“We have fun and we don’t take ourselves too seriously; that’s what makes our job interesting,” said Dan when asked about he and Dean’s penchant for dramatics—apparent not only in their videos but also on the runway (Spring ’14 menswear, anyone?). “Sometimes we get bitched out about it, but if we had to be serious and political, and think too much, we would get bored. So whatever; we’re not boring like that yet, and when I am, I will probably stop doing what I do,” he added.
The designers feel it’s important to work with young talent on their creative projects—director Zapruder is a student, and Stefano Riva, who wrote the music for the short, is only 17. “Young people have a lot of fresh ideas and energy. And they know stuff! I’m almost 50, I don’t go out as much as I should, and kids keep you attached to the world,” said Dan.
The brand’s next project will be a film for its new underwear line. “It’s going to be super, super hot,” said Dan. “Like hard-core hot. And we just did a baby collection…. I’m sure we could do a couple things for that royal baby.”
Milan is notoriously regarded as a difficult city for new models. But it’s not hard to see why big-name labels like Versace and Gucci prefer to cast established catwalkers like Joan Smalls, Karlie Kloss, and Karmen Pedaru: Veterans simply know how to carry sexy clothes. That said, many of the rookies we’ve had our eyes on since the beginning of the season have proven that they can strut toe-to-toe with the big girls. Chiharu Okunugi, Sam Rollinson, Sasha Luss, and Katya Riabinkina, in particular, seem to be at the top of most casting directors’ lists this season. We’re also going to add Manuela Frey, a Spring ’13 Saint Laurent exclusive who opened Calvin Klein in New York and did turns at Dolce & Gabbana, Bottega Veneta, and Emilio Pucci in Italy. She’s kept up the momentum so far in Paris, with appearances at Dries Van Noten, Rochas, and Damir Doma.
Perhaps the best way to evaluate Milan’s crop of newcomers is to compare two of the week’s most hyped shows: Prada, which is cast by Ashley Brokaw, and Jil Sander, which is cast by Maida & Rami. Both are characteristically chock-full of unknowns, but there was more of an overlap than usual this season. Girls who walked both include past Balenciaga exclusives Juliane Gruner and Kirstin Kragh Liljegren (who actually opened Balenciaga last season). At Prada, they were sandwiched in between well-known faces such as Mariacarla Boscono, Liisa Winkler, Adriana Lima, Kirsten Owen, Jessica Stam, Iselin Steiro, and Esther de Jong (easily one of our favorite casts thus far), as well as a few more novices like Maartje Verhoef (above, left), Elise Smidt, and Jessa Brown, who also did Sander. As we move into the Paris shows, we’ll have our eyes peeled for these girls and a few others, including Amanda Murphy (above, right), who bookended Prada after opening Proenza Schouler, and then followed that up with appearances at Dries Van Noten and H&M today.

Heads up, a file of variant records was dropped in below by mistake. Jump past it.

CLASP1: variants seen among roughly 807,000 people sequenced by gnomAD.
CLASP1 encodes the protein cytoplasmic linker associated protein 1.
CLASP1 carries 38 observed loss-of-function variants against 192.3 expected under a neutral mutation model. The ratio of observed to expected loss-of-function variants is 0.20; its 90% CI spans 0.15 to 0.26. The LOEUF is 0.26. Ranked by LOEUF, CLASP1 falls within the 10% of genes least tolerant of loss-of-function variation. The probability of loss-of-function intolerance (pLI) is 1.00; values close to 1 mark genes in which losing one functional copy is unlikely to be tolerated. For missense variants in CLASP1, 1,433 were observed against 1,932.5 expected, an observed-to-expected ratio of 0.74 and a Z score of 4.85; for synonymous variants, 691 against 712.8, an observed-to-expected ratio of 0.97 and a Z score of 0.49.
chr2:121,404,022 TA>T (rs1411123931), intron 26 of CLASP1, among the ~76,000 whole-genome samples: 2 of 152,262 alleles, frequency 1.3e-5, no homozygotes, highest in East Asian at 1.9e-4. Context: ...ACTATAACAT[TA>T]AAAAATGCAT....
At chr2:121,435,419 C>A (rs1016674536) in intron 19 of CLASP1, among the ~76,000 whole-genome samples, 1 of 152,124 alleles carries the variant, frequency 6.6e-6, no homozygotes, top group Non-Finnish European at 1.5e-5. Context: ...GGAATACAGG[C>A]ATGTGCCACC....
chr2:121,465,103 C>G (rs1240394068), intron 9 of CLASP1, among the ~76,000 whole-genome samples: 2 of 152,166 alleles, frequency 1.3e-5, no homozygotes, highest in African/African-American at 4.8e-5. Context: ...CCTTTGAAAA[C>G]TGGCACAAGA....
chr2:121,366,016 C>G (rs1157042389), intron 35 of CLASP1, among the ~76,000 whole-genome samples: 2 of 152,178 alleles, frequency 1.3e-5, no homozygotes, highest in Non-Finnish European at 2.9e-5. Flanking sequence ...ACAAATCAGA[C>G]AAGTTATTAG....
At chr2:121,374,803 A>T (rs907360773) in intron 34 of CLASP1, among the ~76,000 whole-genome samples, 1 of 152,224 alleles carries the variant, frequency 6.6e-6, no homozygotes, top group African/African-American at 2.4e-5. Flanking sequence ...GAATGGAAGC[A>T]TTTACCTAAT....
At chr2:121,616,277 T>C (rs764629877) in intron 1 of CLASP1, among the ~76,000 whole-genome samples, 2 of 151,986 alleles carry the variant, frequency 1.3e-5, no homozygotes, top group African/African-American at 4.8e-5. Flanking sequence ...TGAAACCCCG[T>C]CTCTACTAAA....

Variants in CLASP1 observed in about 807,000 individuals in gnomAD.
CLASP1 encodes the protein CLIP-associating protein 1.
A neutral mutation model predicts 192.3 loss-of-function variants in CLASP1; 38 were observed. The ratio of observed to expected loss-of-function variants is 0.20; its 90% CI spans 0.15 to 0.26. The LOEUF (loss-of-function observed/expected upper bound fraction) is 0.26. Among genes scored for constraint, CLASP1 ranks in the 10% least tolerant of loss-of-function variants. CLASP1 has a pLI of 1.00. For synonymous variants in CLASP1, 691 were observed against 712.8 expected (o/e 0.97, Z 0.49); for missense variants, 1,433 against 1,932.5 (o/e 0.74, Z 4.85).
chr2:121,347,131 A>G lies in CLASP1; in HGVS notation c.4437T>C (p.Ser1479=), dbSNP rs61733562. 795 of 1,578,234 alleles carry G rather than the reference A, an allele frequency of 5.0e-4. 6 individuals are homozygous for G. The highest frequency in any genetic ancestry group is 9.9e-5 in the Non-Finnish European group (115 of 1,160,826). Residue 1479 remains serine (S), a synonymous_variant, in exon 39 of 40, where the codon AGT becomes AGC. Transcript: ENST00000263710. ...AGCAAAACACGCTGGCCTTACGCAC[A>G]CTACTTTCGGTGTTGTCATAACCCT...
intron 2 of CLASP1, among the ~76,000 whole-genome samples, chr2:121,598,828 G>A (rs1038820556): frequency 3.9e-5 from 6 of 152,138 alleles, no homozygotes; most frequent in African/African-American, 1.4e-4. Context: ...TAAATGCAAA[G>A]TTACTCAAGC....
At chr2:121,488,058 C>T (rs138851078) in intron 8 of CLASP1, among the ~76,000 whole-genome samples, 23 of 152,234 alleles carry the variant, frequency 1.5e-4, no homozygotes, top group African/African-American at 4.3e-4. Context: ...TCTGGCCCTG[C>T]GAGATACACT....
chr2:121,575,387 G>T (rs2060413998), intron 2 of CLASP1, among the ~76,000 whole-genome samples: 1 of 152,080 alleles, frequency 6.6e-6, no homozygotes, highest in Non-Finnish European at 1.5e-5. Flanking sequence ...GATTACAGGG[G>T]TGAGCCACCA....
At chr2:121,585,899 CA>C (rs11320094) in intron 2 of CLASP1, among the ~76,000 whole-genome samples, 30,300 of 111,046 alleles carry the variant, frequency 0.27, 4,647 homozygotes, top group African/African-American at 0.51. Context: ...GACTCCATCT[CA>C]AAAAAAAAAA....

Speaking of, H&M turned out a cast of heavy hitters (you can chalk that up to a mega-budget and George Cortina’s styling), including Arizona Muse, Cara Delevingne, Daphne Groeneveld, Delfine Bafort, Edita Vilkeviciute, Isabeli Fontana, Joan Smalls, and closer Malgosia Bela.